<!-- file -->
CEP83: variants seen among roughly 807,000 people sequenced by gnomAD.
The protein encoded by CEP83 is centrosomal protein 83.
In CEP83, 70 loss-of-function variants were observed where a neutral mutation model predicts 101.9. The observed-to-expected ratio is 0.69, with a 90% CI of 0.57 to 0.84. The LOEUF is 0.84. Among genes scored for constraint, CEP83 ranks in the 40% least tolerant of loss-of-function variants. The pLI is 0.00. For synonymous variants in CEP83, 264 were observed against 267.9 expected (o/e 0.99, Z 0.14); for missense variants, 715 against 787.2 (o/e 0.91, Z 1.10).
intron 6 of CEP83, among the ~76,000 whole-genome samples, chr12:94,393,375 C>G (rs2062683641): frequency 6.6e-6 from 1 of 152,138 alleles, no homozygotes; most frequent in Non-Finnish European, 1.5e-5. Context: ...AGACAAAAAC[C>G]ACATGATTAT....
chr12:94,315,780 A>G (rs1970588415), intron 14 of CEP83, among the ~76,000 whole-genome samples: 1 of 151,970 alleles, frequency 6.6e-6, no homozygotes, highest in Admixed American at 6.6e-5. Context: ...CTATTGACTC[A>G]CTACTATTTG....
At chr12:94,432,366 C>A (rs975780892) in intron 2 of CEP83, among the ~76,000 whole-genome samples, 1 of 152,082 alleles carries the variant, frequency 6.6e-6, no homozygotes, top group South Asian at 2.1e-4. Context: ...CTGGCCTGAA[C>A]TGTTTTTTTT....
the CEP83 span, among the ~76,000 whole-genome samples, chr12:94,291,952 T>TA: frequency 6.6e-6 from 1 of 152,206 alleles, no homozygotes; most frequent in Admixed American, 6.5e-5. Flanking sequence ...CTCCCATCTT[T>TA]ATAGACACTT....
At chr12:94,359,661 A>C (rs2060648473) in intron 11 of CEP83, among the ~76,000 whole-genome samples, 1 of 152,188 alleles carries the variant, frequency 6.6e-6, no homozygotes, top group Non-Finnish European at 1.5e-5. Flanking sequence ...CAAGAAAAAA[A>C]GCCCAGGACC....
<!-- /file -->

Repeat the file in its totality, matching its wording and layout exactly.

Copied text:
CEP83: variants seen among roughly 807,000 people sequenced by gnomAD.
The protein encoded by CEP83 is centrosomal protein 83.
In CEP83, 70 loss-of-function variants were observed where a neutral mutation model predicts 101.9. The observed-to-expected ratio is 0.69, with a 90% CI of 0.57 to 0.84. The LOEUF is 0.84. Among genes scored for constraint, CEP83 ranks in the 40% least tolerant of loss-of-function variants. The pLI is 0.00. For synonymous variants in CEP83, 264 were observed against 267.9 expected (o/e 0.99, Z 0.14); for missense variants, 715 against 787.2 (o/e 0.91, Z 1.10).
intron 6 of CEP83, among the ~76,000 whole-genome samples, chr12:94,393,375 C>G (rs2062683641): frequency 6.6e-6 from 1 of 152,138 alleles, no homozygotes; most frequent in Non-Finnish European, 1.5e-5. Context: ...AGACAAAAAC[C>G]ACATGATTAT....
chr12:94,315,780 A>G (rs1970588415), intron 14 of CEP83, among the ~76,000 whole-genome samples: 1 of 151,970 alleles, frequency 6.6e-6, no homozygotes, highest in Admixed American at 6.6e-5. Context: ...CTATTGACTC[A>G]CTACTATTTG....
At chr12:94,432,366 C>A (rs975780892) in intron 2 of CEP83, among the ~76,000 whole-genome samples, 1 of 152,082 alleles carries the variant, frequency 6.6e-6, no homozygotes, top group South Asian at 2.1e-4. Context: ...CTGGCCTGAA[C>A]TGTTTTTTTT....
the CEP83 span, among the ~76,000 whole-genome samples, chr12:94,291,952 T>TA: frequency 6.6e-6 from 1 of 152,206 alleles, no homozygotes; most frequent in Admixed American, 6.5e-5. Flanking sequence ...CTCCCATCTT[T>TA]ATAGACACTT....
At chr12:94,359,661 A>C (rs2060648473) in intron 11 of CEP83, among the ~76,000 whole-genome samples, 1 of 152,188 alleles carries the variant, frequency 6.6e-6, no homozygotes, top group Non-Finnish European at 1.5e-5. Flanking sequence ...CAAGAAAAAA[A>C]GCCCAGGACC....